- Unwanted conduct of a sexual nature which has the purpose of violating dignity or creating an intimidating, hostile, degrading, humiliating or offensive environment.
- Where the has been a rejection of sexual advances, or acceptance, but you are subsequently treated less favourably by the person who has harassed you.
- Sex-related harassment, is where there is unwanted conduct of a sexual nature which relates to your gender, which again, has the purpose or effect of violating your dignity or creating an unpleasant environment. This would include, for example, comments about childcare arrangements and you have to leave work early to care for your young children.
Example: Lisa works in a restaurant.
Her supervisor Michael regularly makes comments about women and that Lisa has different hours because she needs to pick up her daughter from school. This is harassment related to a person’s sex.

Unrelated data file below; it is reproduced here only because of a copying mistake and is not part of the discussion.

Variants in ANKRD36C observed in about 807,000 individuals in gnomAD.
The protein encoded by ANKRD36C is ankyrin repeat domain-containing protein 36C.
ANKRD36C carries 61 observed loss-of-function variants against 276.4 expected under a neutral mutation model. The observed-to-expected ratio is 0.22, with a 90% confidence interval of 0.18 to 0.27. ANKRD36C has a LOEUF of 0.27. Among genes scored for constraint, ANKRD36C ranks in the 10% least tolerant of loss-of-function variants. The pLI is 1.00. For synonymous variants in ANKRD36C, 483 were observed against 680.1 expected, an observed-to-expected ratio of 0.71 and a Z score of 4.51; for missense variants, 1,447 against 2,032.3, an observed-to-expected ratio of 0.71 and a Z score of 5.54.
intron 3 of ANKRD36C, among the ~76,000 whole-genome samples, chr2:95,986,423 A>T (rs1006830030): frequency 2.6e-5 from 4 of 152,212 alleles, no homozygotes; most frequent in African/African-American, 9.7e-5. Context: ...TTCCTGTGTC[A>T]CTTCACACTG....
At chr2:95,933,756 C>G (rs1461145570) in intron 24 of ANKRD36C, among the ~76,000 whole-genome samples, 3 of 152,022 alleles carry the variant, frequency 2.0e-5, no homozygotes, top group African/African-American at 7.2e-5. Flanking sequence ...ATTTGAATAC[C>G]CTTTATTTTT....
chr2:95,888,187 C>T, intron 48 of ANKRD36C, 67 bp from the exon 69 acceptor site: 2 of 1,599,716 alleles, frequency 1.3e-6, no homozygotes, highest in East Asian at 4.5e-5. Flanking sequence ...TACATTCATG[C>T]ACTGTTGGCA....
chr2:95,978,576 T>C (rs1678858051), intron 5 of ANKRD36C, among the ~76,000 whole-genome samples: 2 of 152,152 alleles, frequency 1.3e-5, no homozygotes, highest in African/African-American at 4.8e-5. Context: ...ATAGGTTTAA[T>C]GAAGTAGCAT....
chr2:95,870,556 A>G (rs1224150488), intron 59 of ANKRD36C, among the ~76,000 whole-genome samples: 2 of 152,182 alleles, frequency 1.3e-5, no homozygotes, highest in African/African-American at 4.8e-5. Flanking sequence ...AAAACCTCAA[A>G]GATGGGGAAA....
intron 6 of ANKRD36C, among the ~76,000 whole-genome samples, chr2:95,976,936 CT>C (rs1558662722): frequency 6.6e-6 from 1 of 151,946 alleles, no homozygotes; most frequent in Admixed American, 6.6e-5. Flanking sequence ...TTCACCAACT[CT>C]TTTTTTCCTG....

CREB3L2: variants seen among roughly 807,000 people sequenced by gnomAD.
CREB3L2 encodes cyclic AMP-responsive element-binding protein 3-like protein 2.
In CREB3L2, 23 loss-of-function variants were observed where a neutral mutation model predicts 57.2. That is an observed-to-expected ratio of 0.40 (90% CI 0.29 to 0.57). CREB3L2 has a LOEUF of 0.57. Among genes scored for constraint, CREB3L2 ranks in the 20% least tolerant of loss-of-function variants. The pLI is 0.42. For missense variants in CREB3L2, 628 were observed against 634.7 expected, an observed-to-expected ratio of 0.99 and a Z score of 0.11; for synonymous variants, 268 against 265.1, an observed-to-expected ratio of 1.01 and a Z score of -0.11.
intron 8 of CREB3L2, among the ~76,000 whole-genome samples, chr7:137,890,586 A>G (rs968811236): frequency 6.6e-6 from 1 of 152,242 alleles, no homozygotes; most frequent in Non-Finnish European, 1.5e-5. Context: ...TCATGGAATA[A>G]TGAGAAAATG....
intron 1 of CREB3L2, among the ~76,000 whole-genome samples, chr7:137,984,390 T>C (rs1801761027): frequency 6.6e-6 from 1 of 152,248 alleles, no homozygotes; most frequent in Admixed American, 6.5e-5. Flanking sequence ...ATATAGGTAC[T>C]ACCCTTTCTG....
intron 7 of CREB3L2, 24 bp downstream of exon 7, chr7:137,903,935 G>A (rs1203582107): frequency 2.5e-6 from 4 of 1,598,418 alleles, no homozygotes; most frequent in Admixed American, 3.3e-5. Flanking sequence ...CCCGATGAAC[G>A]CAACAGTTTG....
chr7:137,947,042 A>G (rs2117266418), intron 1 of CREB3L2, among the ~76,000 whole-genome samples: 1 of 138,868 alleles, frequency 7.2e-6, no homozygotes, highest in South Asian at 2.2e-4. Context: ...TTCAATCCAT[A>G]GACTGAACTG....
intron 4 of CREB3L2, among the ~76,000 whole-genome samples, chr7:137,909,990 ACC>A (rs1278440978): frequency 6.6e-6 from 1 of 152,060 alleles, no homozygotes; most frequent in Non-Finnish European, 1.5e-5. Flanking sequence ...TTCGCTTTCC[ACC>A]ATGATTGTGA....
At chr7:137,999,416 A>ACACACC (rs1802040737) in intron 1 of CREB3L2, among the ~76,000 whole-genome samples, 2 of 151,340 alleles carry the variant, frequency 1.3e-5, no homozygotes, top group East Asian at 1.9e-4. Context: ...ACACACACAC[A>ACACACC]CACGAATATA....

Michael also starts making sexual comments about Lisa’s body, getting very close to her and resting his hand on her arm. It makes Lisa feel very uncomfortable and intimidated. This is sexual harassment.
Other examples include:
- Sexual comments or jokes;
- Displaying sexually graphic pictures, posters or photos;
- Suggestive looks, staring or leering;
- Propositions and sexual advances; and
- Making promises in return for sexual favours
What amounts to sexual harassment in the workplace?
The conduct must usually be made in the course of employment at work, although it can also extend to social work events outside of usual working hours. This could be at social gatherings or work parties.